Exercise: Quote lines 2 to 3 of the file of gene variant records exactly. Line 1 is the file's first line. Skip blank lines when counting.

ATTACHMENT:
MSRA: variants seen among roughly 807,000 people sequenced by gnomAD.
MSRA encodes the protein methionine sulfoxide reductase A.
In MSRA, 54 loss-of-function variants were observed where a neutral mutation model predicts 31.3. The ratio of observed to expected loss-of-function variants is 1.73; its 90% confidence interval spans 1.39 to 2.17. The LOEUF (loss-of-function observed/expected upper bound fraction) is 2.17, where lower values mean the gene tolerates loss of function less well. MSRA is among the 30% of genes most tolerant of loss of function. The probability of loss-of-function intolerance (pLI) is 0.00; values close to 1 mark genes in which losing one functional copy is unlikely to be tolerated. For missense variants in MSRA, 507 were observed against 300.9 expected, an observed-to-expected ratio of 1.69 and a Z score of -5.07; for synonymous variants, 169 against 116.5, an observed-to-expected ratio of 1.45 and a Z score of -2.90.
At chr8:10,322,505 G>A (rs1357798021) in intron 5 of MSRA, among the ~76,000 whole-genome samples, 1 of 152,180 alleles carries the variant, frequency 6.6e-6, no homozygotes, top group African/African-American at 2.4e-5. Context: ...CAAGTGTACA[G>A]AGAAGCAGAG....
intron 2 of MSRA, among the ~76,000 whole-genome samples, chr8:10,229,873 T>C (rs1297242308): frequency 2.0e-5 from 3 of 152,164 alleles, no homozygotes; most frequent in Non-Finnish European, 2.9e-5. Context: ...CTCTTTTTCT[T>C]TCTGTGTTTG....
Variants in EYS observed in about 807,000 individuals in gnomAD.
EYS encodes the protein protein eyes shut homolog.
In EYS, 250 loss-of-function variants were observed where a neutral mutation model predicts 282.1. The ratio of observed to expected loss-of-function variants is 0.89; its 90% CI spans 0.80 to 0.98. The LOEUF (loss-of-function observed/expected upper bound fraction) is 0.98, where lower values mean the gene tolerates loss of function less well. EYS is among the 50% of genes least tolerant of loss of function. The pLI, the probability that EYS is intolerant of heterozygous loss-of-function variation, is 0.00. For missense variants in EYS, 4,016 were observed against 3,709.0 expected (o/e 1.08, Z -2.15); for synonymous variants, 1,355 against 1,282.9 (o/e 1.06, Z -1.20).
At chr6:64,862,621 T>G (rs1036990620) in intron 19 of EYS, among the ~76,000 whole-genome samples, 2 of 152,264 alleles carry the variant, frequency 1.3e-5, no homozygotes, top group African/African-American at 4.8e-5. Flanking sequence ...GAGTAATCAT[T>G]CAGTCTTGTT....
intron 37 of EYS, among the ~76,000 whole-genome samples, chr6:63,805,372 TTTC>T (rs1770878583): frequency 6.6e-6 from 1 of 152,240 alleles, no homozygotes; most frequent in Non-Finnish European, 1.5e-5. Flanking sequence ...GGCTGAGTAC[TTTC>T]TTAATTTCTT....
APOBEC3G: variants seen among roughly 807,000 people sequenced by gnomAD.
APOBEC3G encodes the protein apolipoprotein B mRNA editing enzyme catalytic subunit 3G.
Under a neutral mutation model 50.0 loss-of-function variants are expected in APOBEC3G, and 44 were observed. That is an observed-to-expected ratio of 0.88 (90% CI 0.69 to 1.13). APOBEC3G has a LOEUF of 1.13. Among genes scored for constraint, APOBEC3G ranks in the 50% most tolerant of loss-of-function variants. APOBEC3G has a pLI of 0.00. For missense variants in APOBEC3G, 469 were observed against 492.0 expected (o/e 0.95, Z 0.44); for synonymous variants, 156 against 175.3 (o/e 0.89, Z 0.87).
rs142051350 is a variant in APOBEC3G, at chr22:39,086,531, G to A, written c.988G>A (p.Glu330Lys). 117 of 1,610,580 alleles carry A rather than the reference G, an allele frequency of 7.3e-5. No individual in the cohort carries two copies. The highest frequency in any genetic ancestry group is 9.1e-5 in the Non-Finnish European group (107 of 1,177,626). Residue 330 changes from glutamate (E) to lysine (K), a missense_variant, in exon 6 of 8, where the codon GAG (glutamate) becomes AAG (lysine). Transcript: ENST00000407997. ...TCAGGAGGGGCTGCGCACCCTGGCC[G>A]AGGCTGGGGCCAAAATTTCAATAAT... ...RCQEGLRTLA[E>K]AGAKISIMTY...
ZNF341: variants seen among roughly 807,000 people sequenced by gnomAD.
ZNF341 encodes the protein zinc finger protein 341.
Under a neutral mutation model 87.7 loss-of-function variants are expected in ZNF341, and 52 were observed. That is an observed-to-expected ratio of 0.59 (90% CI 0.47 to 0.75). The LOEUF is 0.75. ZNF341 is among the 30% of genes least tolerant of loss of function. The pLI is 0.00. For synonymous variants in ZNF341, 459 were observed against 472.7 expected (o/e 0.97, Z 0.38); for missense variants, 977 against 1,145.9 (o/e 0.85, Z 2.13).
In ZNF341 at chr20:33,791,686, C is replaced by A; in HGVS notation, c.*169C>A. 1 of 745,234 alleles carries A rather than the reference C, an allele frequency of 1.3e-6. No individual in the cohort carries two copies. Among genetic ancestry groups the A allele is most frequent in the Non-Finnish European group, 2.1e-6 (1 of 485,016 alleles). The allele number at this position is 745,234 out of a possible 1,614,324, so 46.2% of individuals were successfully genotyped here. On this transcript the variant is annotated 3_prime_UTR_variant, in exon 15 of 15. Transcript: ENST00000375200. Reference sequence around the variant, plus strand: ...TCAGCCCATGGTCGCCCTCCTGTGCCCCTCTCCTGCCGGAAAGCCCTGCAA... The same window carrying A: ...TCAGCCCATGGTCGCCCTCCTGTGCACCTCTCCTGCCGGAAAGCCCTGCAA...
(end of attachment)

MSRA encodes the protein methionine sulfoxide reductase A.
In MSRA, 54 loss-of-function variants were observed where a neutral mutation model predicts 31.3. The ratio of observed to expected loss-of-function variants is 1.73; its 90% confidence interval spans 1.39 to 2.17. The LOEUF (loss-of-function observed/expected upper bound fraction) is 2.17, where lower values mean the gene tolerates loss of function less well. MSRA is among the 30% of genes most tolerant of loss of function. The probability of loss-of-function intolerance (pLI) is 0.00; values close to 1 mark genes in which losing one functional copy is unlikely to be tolerated. For missense variants in MSRA, 507 were observed against 300.9 expected, an observed-to-expected ratio of 1.69 and a Z score of -5.07; for synonymous variants, 169 against 116.5, an observed-to-expected ratio of 1.45 and a Z score of -2.90.